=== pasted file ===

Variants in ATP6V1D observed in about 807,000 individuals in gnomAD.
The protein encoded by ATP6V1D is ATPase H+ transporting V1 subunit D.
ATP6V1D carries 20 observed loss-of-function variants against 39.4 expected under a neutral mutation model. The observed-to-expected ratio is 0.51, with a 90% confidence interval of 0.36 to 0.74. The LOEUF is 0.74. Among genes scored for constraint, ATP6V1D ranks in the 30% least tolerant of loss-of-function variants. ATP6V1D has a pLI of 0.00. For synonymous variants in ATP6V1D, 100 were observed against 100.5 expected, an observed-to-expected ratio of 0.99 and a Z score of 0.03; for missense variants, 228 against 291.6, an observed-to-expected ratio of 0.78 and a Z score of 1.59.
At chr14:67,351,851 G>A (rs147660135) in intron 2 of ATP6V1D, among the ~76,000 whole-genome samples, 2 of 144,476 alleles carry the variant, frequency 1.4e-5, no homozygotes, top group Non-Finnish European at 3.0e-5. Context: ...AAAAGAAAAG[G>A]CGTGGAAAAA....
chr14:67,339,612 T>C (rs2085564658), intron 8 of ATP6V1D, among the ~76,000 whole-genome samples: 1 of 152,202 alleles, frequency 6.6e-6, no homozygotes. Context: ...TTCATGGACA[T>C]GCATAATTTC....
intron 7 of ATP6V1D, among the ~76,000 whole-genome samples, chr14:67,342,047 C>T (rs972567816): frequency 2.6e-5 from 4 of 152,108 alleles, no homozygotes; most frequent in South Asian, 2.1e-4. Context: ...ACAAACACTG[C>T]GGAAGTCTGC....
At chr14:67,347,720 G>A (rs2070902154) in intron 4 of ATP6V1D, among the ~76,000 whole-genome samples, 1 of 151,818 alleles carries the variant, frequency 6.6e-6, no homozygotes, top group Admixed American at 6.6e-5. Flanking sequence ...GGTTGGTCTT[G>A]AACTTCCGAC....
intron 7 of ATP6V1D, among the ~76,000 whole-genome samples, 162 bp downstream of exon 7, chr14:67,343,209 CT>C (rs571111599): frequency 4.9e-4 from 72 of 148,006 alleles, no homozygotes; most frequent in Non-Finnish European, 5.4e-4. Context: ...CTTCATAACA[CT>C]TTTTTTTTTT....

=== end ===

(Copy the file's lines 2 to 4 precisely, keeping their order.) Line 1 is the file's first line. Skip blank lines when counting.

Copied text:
The protein encoded by ATP6V1D is ATPase H+ transporting V1 subunit D.
ATP6V1D carries 20 observed loss-of-function variants against 39.4 expected under a neutral mutation model. The observed-to-expected ratio is 0.51, with a 90% confidence interval of 0.36 to 0.74. The LOEUF is 0.74. Among genes scored for constraint, ATP6V1D ranks in the 30% least tolerant of loss-of-function variants. ATP6V1D has a pLI of 0.00. For synonymous variants in ATP6V1D, 100 were observed against 100.5 expected, an observed-to-expected ratio of 0.99 and a Z score of 0.03; for missense variants, 228 against 291.6, an observed-to-expected ratio of 0.78 and a Z score of 1.59.
At chr14:67,351,851 G>A (rs147660135) in intron 2 of ATP6V1D, among the ~76,000 whole-genome samples, 2 of 144,476 alleles carry the variant, frequency 1.4e-5, no homozygotes, top group Non-Finnish European at 3.0e-5. Context: ...AAAAGAAAAG[G>A]CGTGGAAAAA....